Metabolizable energy intakes ranged from 1.510.5 to 2.650.8 kcal/day and were higher than the ones recommended by the NRC (2007), whose requirements are around 590 kcal/day for lambs with 20 kg of BW and daily gains of 100 g. Super early BRS Assum Preto variety presented values for digestible energy intake and metabolizable per kg0.75/day higher than Gurutuba and BRS Caatingueiro. This probably happened because that material presented high gross energy contents in association with high apparent digestibility from the gross energy. There was no negative balance, because in all evaluated silages appropriate levels of metabolizable energy were provided to the animals. This fact can be corroborated by Freitas et al. (2003) and Ribas et al. (2007).

By considering the ratio between digestible and metabolizable energy intakes and dry matter intake (DEI/DMI and MEI/DMI), lower values for BRS Caatingueiro were evidenced, compared with other varieties studied (P<0.05). Results obtained for dry matter intake from these varieties in association with digestible and metabolizable energy intakes could explain the highest values for DEI/DMI and MEI/DMI. These ratios are important in the foods nutritive evaluation, since they are parameters of energy efficiency use. However, high efficiency ratios are only interesting when high dry matter intake can be reached, which was observed in this experiment through minimum requirements indicated by the NRC (2007) for lambs with this body weight range and daily gains of 100 g. Such results might appoint the use of these silages as quality alternative roughage to the semiarid.

There were no differences for ingested nitrogen and fecal and urinary nitrogen excretions in grams per day or nitrogen balance (P>0.05) (Table 7).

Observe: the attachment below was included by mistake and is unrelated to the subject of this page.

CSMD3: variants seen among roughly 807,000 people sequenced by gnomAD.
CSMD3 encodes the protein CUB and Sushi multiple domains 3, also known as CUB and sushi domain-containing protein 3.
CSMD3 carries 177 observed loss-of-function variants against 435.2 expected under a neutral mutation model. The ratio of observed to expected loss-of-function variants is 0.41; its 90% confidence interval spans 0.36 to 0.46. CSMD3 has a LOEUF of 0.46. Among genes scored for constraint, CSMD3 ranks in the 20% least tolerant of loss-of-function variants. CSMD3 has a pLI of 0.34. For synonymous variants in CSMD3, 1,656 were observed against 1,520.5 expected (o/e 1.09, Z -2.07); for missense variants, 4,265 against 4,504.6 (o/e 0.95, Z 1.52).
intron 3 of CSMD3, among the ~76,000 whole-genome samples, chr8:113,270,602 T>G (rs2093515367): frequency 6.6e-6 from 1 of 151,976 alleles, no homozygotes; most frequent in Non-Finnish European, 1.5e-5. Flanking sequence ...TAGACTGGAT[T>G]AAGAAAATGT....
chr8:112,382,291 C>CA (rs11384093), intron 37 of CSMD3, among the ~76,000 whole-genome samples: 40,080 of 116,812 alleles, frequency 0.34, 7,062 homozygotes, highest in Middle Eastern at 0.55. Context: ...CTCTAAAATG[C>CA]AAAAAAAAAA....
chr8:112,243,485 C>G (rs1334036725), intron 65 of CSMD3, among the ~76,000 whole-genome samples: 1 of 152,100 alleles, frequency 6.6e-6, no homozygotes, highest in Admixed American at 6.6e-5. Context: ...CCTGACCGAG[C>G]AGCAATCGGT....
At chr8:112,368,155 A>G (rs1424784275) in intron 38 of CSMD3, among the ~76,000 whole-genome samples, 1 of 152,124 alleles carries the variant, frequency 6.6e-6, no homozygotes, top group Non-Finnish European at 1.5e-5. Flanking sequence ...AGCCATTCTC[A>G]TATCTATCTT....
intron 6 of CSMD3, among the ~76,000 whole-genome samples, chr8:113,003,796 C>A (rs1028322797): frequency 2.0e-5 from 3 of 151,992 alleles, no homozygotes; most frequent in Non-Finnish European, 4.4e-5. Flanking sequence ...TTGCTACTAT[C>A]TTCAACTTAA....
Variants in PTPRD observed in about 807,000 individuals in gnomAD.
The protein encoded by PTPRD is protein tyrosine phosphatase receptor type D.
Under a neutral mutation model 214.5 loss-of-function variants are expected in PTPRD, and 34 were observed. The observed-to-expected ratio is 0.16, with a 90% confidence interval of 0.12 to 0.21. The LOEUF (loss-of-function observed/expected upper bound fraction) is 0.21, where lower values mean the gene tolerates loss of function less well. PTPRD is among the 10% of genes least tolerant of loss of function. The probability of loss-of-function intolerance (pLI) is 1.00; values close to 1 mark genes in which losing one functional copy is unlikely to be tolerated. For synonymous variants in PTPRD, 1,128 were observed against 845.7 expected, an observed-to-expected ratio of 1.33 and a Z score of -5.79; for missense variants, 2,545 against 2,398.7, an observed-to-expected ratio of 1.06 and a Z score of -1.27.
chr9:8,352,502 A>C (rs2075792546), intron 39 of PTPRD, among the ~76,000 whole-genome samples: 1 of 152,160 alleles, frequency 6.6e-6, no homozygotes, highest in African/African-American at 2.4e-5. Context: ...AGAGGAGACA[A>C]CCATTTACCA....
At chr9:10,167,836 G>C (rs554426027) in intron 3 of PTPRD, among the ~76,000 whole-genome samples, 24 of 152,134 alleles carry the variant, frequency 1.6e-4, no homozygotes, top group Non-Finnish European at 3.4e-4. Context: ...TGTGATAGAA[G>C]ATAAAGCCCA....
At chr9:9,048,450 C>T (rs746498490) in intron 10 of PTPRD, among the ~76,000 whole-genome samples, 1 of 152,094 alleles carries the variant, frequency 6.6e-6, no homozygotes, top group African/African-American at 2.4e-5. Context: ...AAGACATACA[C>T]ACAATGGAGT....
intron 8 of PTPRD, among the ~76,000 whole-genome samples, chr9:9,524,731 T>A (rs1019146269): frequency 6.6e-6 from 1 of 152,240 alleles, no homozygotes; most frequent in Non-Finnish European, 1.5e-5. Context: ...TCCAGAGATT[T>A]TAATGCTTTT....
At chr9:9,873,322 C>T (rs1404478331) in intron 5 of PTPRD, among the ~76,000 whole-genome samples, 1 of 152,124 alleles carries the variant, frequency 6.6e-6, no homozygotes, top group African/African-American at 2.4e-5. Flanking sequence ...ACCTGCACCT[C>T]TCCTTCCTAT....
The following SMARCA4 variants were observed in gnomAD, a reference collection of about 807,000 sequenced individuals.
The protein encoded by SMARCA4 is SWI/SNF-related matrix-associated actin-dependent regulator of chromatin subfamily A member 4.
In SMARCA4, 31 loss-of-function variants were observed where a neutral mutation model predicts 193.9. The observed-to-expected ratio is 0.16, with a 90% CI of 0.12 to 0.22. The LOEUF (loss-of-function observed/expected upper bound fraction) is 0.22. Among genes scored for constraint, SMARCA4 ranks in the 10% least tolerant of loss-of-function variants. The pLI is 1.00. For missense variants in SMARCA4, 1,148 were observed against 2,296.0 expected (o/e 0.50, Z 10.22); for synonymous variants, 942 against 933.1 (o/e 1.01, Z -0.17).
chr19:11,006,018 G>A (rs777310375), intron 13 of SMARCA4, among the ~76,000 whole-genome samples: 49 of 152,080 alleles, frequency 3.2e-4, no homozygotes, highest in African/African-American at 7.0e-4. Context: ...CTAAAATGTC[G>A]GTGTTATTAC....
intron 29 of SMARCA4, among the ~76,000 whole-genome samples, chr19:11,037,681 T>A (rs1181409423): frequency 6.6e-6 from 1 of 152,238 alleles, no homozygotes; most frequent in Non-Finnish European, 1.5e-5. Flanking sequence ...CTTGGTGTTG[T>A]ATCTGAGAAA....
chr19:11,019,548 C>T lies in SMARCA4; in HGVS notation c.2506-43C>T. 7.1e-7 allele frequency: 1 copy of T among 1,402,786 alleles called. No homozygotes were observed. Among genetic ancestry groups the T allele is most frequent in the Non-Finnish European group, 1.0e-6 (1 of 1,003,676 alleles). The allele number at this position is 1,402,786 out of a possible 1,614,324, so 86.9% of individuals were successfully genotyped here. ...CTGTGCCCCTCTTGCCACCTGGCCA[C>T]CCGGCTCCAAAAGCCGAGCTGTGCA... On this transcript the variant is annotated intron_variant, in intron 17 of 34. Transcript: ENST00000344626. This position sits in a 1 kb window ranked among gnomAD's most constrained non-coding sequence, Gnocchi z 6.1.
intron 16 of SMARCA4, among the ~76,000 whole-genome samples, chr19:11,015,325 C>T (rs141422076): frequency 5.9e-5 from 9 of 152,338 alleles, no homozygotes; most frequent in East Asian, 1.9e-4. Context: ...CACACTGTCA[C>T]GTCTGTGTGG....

Super early BRS Assum Preto and BRS Caatingueiro presented higher values of nitrogen absorbed per kg0.75 than BR5033 - Asa Branca. In the current experiment, all silages showed positive nitrogen balance. Freitas et al. (2003) and Ribas et al. (2007) found results higher than those obtained by this study (4.8 and 4.7 g/day of nitrogen absorbed, respectively).

Negative nitrogen balance of 0.28 g/day was observed by Vranic et al. (2008), who reported nitrogen intake of 9.4 g/day and fecal and urinary nitrogen excretions of 5.8 and 3.9 g/day, respectively, which were lower than ones presented by this survey. As for N absorbed/N intake ratio, Ribas et al. (2007) had similar results (32.2% N absorbed/N intake). These authors even observed values close to those found by this experiment when they studied five corn genotypes, including one early cycle material.

Positive nitrogen balance observed in all treatments showed appropriate protein use, since probably there was no body reserve mobilization during the experimental period. Also, there were no protein losses during silage intake from the evaluated varieties, and these facts are very important to the semiarid, because soil and climate conditions and the regional production systems require optimization of forage use.

 

Conclusions

The six varieties of corn silages (BRS Caatingueiro (CTG), BRS Assum Preto (APR), BR 5033 Asa Branca (5033), BR 5028 São Francisco (5028), Gurutuba (GTB) and BRS 4103 (4103)) evaluated present potential for ruminants' feeding in the Brazilian semiarid.

 

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Received July 5, 2010 and accepted April 13, 2011.

 

 

Corresponding author: rafael.dantas@cpatsa.embrapa.br